Many of us are used to looking at a SQL Trace and making the assumption that the order of display is what occurred during the capture.
SQL Server 2005 introduced a new column named ‘Event Sequence’ that you should capture for any trace events. The Event Sequence is the order the trace event was internally created in the server which can be different from the physical file order due to various timing and design issues. The Event Sequence gives you a more accurate representation of the event order. When looking at trace data from SQL Profiler or one loaded in the database you should order by the Event Sequence.
SQL Server 2005 shipped with an Event Sequence stored in a LONG. Support has seen a few traces where the bounds of the signed long are exceeded and the Event Sequence becomes negative. The SQL Server is using an interlocked instruction to increment the value so the event sequence counts down negatively until wrap around to 0 occurs. The pattern becomes the following.
Step 1: Count up from 0 to 0x7FFFFFFFF
Step 2: Count down from 0x7FFFFFFF to 0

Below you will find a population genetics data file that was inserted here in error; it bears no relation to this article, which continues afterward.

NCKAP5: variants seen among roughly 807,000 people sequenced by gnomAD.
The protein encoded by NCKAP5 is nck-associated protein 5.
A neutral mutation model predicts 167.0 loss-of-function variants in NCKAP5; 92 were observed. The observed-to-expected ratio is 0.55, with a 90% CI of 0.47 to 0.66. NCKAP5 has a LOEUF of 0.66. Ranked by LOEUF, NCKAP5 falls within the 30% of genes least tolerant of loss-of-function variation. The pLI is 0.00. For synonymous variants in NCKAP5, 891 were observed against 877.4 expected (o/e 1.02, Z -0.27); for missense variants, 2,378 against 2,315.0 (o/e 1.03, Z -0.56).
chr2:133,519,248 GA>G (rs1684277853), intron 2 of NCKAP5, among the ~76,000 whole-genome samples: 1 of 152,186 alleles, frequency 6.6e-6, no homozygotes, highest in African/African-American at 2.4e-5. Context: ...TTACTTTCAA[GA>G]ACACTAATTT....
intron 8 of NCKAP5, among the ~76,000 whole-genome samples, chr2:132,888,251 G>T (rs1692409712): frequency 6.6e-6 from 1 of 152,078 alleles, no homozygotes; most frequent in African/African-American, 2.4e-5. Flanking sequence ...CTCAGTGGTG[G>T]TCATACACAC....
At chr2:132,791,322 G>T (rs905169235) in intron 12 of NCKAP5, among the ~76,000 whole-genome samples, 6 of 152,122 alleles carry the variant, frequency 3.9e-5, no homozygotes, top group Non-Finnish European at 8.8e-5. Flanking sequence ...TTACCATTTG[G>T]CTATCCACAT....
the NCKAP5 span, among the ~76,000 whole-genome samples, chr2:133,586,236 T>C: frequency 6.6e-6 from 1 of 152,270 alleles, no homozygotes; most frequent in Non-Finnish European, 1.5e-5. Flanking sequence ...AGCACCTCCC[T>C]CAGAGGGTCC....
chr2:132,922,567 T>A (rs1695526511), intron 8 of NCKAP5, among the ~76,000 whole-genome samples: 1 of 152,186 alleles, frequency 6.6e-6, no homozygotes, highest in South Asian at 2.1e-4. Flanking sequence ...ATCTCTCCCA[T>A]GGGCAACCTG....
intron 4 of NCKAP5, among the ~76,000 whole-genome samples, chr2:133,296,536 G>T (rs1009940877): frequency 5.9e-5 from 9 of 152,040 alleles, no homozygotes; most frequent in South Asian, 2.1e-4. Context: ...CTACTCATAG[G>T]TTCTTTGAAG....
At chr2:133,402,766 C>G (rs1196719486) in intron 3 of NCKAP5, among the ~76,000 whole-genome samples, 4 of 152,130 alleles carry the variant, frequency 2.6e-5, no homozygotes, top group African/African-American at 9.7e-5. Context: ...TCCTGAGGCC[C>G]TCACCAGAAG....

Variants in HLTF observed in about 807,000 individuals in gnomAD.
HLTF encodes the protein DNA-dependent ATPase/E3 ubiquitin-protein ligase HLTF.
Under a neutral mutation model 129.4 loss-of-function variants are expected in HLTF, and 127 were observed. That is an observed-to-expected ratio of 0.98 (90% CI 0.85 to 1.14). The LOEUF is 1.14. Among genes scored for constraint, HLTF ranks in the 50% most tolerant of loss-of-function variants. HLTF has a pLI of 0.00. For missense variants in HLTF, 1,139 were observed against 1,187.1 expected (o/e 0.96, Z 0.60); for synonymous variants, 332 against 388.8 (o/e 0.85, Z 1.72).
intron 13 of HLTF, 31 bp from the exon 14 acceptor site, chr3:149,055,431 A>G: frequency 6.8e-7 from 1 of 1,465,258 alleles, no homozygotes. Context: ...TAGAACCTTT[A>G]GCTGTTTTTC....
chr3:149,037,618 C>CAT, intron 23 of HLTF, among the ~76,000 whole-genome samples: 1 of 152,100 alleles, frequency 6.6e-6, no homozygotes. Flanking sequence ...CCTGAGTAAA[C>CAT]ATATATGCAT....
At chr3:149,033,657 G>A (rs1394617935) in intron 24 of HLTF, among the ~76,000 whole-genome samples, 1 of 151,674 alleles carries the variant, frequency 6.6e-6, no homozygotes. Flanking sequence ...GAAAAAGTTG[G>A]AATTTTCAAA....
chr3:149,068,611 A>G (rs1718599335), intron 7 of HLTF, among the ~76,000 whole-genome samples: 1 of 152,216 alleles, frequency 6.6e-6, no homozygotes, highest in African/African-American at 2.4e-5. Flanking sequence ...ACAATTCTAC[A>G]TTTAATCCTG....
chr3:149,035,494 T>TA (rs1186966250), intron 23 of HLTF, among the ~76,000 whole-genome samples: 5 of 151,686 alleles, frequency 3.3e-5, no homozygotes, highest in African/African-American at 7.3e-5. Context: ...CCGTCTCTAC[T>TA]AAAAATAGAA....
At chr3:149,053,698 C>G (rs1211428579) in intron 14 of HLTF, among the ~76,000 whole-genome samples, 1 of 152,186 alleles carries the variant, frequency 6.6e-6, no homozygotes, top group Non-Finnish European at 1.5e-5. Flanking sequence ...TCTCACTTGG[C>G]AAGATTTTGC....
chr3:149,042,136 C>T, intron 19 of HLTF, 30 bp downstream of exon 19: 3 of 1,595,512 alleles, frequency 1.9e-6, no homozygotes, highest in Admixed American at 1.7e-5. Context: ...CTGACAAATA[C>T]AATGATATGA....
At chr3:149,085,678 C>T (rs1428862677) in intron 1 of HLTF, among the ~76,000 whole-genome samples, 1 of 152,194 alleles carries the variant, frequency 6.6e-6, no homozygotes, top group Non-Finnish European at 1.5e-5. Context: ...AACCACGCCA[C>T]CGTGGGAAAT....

Start at step 1 again.
If you load a trace containing negative event sequences and then perform the order by operation the physical order will be revered showing the last event in the trace as the first event. You also can’t load the trace into a table and cast the data as a BIGINT. SQL Server does not have unsigned data types so the negative value is just propagated to a negative 64 bit integer instead of a 32 bit integer.
This is a very rare condition for most systems because to produce 2 billion+ trace events does take quite a bit of tracing to say the least.
SQL Server 2005 SP2 expands the column to a LONGLONG (signed 64 bit integer) which would require more than a little bit of tracing to cause a wraparound condition.